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MySql connections autodrop after a certain hours


MySql is configured to drop any connection which has been Idle for more than 8 hours. What is the implication of this? After you return to your deployed app after a gap of 8 hours (If default SQL parameters have not been changed), you will be greeted with an exception.

How to solve this issue?

  1. Increase the wait_time parameter -Not a good Idea, it might unnecessarily hold on to the resources and not might be a sure shot way. Apart from that, being dependent on an “external” configuration for failover is not a very good idea -what if the server itself crashes, what if this configuration is missed in one of the instnaces, and many such issues will pop up against this approach.
  2. Use the parameter autoReconnect=true with JDBC URL -My SQl itself does not recommend this, have a look at link and people have reported that this does not work as well, refer link.
  3. Custom handling -have your code identify that connection has been lost and then recover it and try to reconnect, but then it would be a lot of fail over mechanism in code.
  4. The best way I found was to configure pooling mechanism as c3p0. See this post how to configure c3p0 in JPA for hibernate, it’s simple, easy and reliable.

So how do you test that issue is solved?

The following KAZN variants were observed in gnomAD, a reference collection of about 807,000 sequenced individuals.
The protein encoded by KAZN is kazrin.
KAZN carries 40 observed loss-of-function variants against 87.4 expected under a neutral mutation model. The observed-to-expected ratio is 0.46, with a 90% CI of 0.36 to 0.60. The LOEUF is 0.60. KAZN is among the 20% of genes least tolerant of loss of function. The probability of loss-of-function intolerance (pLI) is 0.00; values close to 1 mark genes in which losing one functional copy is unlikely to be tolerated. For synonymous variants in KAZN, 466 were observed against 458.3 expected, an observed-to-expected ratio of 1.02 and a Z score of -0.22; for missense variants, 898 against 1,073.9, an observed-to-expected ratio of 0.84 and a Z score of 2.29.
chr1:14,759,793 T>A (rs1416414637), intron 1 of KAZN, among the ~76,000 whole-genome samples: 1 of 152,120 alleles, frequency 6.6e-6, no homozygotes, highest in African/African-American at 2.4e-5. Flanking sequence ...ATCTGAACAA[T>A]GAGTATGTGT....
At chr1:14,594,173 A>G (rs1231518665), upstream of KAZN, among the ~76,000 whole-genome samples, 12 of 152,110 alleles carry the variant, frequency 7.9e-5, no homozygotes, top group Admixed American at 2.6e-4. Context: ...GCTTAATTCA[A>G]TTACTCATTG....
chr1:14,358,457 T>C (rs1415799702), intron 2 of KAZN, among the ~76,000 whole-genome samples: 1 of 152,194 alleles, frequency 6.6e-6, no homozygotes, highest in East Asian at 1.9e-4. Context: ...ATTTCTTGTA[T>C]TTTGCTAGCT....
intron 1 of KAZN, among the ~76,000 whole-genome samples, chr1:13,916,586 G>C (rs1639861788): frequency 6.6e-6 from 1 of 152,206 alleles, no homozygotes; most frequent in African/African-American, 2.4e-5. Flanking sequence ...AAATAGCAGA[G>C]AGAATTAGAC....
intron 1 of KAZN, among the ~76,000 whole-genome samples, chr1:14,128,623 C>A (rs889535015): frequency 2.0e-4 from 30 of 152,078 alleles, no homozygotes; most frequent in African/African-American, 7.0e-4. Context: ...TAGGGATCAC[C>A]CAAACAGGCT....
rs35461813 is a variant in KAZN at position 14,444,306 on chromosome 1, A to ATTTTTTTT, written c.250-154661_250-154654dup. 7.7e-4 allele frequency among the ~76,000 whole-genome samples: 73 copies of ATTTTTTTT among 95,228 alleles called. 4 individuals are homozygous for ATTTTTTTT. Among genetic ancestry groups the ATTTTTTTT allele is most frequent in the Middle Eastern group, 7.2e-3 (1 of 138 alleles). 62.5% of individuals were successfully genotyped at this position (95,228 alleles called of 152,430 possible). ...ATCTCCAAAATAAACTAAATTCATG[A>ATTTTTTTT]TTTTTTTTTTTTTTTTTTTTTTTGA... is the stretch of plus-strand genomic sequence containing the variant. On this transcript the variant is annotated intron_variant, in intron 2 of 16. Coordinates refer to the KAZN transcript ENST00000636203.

1. Change wait_timeout in MySql to just 2 minutes, this is how it can be done from MySql workbench admin console mysql_timeout
  2. Keep value of idleTestPeriod less than wait_timeout -A quick recap what idleTestPeriod signifies
  3. idleTestPeriod:  default value=0; If this is a number greater than 0, c3p0 will test all idle, pooled but unchecked-out connections, every this number of seconds
    
  4. Login after wait_timeout has passed -it should not throw a exception

Solving classloading issue while adding pooling support using c3p0 in JPA with hibernate underneath


I added c3p0 for pooling in JPA, but encountered an exception

Unable to load class [org.hibernate.service.jdbc.connections.internal.C3P0ConnectionProvider]

My configuration looked like

<property name="hibernate.connection.provider_class"
          value="org.hibernate.connection.C3P0ConnectionProvider" />
<property name="hibernate.c3p0.max_size" value="10" />
<property name="hibernate.c3p0.min_size" value="0" />
<property name="hibernate.c3p0.acquire_increment" value="5" />
<property name="hibernate.c3p0.idle_test_period" value="60" />
<property name="hibernate.c3p0.max_statements" value="0" />
<property name="hibernate.c3p0.timeout" value="100" />	    

Details about these properties and other defined at link

Looking at log trace it’s not difficult to figure out that jar is not correct, so first change, upgrade to latest c3p0 artifact.

Previous

<dependency>
    <groupId>org.hibernate</groupId>
    <artifactId>hibernate-c3p0</artifactId>
    <version>3.6.10.Final</version>
</dependency>

Latest

<dependency>
    <groupId>org.hibernate</groupId>
    <artifactId>hibernate-c3p0</artifactId>